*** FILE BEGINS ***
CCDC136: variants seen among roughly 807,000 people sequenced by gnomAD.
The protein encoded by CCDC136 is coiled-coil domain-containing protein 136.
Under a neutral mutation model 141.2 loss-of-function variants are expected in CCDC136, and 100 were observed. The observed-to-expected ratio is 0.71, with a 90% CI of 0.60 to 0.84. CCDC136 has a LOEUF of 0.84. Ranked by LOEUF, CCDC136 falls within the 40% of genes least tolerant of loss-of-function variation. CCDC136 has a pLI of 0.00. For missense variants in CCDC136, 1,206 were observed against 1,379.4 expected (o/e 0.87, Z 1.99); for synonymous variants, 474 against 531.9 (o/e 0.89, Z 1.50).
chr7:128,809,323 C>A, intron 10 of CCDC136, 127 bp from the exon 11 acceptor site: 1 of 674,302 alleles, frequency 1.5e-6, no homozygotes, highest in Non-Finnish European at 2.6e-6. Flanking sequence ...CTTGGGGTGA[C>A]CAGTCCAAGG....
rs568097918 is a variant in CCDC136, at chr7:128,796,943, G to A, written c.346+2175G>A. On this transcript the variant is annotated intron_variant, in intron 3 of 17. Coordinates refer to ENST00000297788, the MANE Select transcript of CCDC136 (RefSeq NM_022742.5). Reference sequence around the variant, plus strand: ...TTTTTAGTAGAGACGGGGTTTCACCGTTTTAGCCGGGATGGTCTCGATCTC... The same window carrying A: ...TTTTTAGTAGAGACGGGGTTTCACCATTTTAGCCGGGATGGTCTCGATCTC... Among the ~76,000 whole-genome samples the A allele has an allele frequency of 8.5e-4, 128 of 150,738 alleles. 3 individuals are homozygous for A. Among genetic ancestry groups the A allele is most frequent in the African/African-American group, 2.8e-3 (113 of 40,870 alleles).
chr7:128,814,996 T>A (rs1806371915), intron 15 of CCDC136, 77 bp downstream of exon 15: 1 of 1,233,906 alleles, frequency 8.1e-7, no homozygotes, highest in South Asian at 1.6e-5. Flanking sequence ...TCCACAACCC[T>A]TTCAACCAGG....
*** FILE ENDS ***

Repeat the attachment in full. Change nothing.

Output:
CCDC136: variants seen among roughly 807,000 people sequenced by gnomAD.
The protein encoded by CCDC136 is coiled-coil domain-containing protein 136.
Under a neutral mutation model 141.2 loss-of-function variants are expected in CCDC136, and 100 were observed. The observed-to-expected ratio is 0.71, with a 90% CI of 0.60 to 0.84. CCDC136 has a LOEUF of 0.84. Ranked by LOEUF, CCDC136 falls within the 40% of genes least tolerant of loss-of-function variation. CCDC136 has a pLI of 0.00. For missense variants in CCDC136, 1,206 were observed against 1,379.4 expected (o/e 0.87, Z 1.99); for synonymous variants, 474 against 531.9 (o/e 0.89, Z 1.50).
chr7:128,809,323 C>A, intron 10 of CCDC136, 127 bp from the exon 11 acceptor site: 1 of 674,302 alleles, frequency 1.5e-6, no homozygotes, highest in Non-Finnish European at 2.6e-6. Flanking sequence ...CTTGGGGTGA[C>A]CAGTCCAAGG....
rs568097918 is a variant in CCDC136, at chr7:128,796,943, G to A, written c.346+2175G>A. On this transcript the variant is annotated intron_variant, in intron 3 of 17. Coordinates refer to ENST00000297788, the MANE Select transcript of CCDC136 (RefSeq NM_022742.5). Reference sequence around the variant, plus strand: ...TTTTTAGTAGAGACGGGGTTTCACCGTTTTAGCCGGGATGGTCTCGATCTC... The same window carrying A: ...TTTTTAGTAGAGACGGGGTTTCACCATTTTAGCCGGGATGGTCTCGATCTC... Among the ~76,000 whole-genome samples the A allele has an allele frequency of 8.5e-4, 128 of 150,738 alleles. 3 individuals are homozygous for A. Among genetic ancestry groups the A allele is most frequent in the African/African-American group, 2.8e-3 (113 of 40,870 alleles).
chr7:128,814,996 T>A (rs1806371915), intron 15 of CCDC136, 77 bp downstream of exon 15: 1 of 1,233,906 alleles, frequency 8.1e-7, no homozygotes, highest in South Asian at 1.6e-5. Flanking sequence ...TCCACAACCC[T>A]TTCAACCAGG....